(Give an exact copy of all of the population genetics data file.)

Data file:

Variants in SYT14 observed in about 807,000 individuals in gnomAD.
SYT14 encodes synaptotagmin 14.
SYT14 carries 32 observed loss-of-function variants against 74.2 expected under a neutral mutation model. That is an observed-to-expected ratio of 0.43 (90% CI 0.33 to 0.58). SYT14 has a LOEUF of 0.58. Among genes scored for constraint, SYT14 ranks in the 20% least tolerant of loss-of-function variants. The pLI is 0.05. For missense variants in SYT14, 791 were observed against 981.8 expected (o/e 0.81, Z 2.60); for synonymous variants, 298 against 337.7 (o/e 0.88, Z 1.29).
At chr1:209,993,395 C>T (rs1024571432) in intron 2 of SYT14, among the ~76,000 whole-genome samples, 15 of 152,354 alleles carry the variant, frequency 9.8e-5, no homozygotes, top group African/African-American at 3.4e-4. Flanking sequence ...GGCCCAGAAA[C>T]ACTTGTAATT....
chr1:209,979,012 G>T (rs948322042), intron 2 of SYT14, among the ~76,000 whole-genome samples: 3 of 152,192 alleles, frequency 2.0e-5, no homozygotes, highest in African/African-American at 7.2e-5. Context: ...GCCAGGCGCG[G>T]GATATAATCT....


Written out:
Variants in SYT14 observed in about 807,000 individuals in gnomAD.
SYT14 encodes synaptotagmin 14.
SYT14 carries 32 observed loss-of-function variants against 74.2 expected under a neutral mutation model. That is an observed-to-expected ratio of 0.43 (90% CI 0.33 to 0.58). SYT14 has a LOEUF of 0.58. Among genes scored for constraint, SYT14 ranks in the 20% least tolerant of loss-of-function variants. The pLI is 0.05. For missense variants in SYT14, 791 were observed against 981.8 expected (o/e 0.81, Z 2.60); for synonymous variants, 298 against 337.7 (o/e 0.88, Z 1.29).
At chr1:209,993,395 C>T (rs1024571432) in intron 2 of SYT14, among the ~76,000 whole-genome samples, 15 of 152,354 alleles carry the variant, frequency 9.8e-5, no homozygotes, top group African/African-American at 3.4e-4. Flanking sequence ...GGCCCAGAAA[C>T]ACTTGTAATT....
chr1:209,979,012 G>T (rs948322042), intron 2 of SYT14, among the ~76,000 whole-genome samples: 3 of 152,192 alleles, frequency 2.0e-5, no homozygotes, highest in African/African-American at 7.2e-5. Context: ...GCCAGGCGCG[G>T]GATATAATCT....